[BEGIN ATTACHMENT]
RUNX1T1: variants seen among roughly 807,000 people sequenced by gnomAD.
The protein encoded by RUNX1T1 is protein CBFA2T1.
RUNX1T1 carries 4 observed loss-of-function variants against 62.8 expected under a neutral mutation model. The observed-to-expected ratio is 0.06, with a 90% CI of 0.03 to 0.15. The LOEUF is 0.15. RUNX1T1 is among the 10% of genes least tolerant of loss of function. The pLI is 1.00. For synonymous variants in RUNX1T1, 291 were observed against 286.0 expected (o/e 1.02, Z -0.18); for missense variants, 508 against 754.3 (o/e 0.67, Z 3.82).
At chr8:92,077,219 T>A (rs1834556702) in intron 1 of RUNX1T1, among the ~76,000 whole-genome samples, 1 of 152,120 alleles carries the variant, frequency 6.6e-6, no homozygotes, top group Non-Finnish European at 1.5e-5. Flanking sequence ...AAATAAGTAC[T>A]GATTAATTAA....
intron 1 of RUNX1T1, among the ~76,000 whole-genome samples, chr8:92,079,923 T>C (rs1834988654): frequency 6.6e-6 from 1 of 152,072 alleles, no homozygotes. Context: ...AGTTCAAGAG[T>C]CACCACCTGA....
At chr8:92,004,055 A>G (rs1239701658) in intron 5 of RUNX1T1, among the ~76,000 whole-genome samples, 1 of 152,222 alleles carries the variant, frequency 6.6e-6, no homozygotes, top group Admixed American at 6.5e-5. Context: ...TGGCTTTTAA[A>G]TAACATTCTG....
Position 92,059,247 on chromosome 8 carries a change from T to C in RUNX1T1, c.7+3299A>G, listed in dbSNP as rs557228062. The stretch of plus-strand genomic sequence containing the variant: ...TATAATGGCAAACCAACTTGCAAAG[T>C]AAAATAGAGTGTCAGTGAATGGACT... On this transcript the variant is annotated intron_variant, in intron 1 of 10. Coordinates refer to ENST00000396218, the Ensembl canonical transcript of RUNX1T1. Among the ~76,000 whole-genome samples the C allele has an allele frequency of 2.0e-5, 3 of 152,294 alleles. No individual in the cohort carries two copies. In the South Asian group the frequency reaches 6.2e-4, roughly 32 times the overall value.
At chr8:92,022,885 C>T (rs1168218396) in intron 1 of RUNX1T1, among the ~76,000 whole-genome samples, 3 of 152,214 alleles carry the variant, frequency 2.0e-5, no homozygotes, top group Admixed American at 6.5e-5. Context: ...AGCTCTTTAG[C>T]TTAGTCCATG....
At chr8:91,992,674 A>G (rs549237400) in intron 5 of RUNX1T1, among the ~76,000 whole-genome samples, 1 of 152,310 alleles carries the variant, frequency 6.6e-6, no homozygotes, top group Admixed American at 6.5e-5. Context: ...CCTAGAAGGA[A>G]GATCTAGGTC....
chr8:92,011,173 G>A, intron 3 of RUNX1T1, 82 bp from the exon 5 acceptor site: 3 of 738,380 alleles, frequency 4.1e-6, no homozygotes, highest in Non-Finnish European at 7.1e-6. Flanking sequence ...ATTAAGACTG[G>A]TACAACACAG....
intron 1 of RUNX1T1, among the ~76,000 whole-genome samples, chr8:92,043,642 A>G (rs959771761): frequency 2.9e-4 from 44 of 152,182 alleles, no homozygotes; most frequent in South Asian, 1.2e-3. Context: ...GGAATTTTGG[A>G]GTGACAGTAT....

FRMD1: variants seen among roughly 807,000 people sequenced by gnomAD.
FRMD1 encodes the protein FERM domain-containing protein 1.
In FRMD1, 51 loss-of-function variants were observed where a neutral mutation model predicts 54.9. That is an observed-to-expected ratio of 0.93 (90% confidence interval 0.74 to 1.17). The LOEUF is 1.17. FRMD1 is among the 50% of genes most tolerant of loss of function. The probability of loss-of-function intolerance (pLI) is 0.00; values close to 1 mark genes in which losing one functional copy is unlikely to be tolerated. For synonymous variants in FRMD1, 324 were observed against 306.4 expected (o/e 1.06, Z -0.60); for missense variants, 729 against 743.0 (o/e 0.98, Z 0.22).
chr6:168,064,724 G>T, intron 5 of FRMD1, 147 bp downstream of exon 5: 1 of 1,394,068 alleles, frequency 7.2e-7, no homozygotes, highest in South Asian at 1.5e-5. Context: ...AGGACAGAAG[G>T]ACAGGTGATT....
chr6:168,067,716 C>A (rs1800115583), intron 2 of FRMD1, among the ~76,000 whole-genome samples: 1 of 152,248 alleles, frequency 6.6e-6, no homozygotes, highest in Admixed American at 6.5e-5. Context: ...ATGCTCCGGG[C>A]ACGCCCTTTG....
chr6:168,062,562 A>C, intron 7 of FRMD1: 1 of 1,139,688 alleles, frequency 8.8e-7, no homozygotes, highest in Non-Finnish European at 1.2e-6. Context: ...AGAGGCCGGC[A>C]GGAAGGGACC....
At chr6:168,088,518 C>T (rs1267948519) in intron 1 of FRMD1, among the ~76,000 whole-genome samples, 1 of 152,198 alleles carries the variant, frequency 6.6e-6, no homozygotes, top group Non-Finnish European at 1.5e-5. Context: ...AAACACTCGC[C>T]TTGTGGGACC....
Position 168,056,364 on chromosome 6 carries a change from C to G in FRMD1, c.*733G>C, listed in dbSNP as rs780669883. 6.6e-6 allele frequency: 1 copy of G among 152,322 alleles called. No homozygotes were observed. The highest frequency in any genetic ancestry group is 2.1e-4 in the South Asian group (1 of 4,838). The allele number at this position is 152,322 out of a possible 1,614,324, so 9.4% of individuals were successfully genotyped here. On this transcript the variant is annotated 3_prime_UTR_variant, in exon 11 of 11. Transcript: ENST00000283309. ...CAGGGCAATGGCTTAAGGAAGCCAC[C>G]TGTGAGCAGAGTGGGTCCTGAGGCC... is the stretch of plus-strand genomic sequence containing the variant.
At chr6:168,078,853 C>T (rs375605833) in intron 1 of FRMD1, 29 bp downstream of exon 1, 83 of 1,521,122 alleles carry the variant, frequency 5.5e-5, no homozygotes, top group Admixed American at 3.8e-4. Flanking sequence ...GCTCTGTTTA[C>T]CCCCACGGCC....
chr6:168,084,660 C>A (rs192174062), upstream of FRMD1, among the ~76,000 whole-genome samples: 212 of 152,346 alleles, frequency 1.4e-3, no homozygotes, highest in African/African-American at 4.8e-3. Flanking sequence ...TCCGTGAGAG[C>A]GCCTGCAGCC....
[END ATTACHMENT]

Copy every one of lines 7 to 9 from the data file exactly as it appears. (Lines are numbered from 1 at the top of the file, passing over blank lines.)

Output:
Position 92,059,247 on chromosome 8 carries a change from T to C in RUNX1T1, c.7+3299A>G, listed in dbSNP as rs557228062. The stretch of plus-strand genomic sequence containing the variant: ...TATAATGGCAAACCAACTTGCAAAG[T>C]AAAATAGAGTGTCAGTGAATGGACT... On this transcript the variant is annotated intron_variant, in intron 1 of 10. Coordinates refer to ENST00000396218, the Ensembl canonical transcript of RUNX1T1. Among the ~76,000 whole-genome samples the C allele has an allele frequency of 2.0e-5, 3 of 152,294 alleles. No individual in the cohort carries two copies. In the South Asian group the frequency reaches 6.2e-4, roughly 32 times the overall value.
At chr8:92,022,885 C>T (rs1168218396) in intron 1 of RUNX1T1, among the ~76,000 whole-genome samples, 3 of 152,214 alleles carry the variant, frequency 2.0e-5, no homozygotes, top group Admixed American at 6.5e-5. Context: ...AGCTCTTTAG[C>T]TTAGTCCATG....
At chr8:91,992,674 A>G (rs549237400) in intron 5 of RUNX1T1, among the ~76,000 whole-genome samples, 1 of 152,310 alleles carries the variant, frequency 6.6e-6, no homozygotes, top group Admixed American at 6.5e-5. Context: ...CCTAGAAGGA[A>G]GATCTAGGTC....